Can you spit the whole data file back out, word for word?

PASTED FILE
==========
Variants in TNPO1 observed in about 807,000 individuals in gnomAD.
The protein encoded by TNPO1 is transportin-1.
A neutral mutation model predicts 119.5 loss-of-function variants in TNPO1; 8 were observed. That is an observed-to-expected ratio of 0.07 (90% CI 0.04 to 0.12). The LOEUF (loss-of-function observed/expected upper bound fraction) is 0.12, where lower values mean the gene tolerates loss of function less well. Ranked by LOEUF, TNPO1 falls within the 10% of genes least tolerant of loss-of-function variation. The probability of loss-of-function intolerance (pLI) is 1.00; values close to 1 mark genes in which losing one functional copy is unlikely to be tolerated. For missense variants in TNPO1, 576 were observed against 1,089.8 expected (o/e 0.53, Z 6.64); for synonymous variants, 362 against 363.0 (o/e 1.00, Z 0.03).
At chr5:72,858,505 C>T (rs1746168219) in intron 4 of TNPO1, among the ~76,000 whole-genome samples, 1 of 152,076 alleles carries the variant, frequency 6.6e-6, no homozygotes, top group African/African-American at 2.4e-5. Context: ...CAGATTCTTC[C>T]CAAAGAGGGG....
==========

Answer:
Variants in TNPO1 observed in about 807,000 individuals in gnomAD.
The protein encoded by TNPO1 is transportin-1.
A neutral mutation model predicts 119.5 loss-of-function variants in TNPO1; 8 were observed. That is an observed-to-expected ratio of 0.07 (90% CI 0.04 to 0.12). The LOEUF (loss-of-function observed/expected upper bound fraction) is 0.12, where lower values mean the gene tolerates loss of function less well. Ranked by LOEUF, TNPO1 falls within the 10% of genes least tolerant of loss-of-function variation. The probability of loss-of-function intolerance (pLI) is 1.00; values close to 1 mark genes in which losing one functional copy is unlikely to be tolerated. For missense variants in TNPO1, 576 were observed against 1,089.8 expected (o/e 0.53, Z 6.64); for synonymous variants, 362 against 363.0 (o/e 1.00, Z 0.03).
At chr5:72,858,505 C>T (rs1746168219) in intron 4 of TNPO1, among the ~76,000 whole-genome samples, 1 of 152,076 alleles carries the variant, frequency 6.6e-6, no homozygotes, top group African/African-American at 2.4e-5. Context: ...CAGATTCTTC[C>T]CAAAGAGGGG....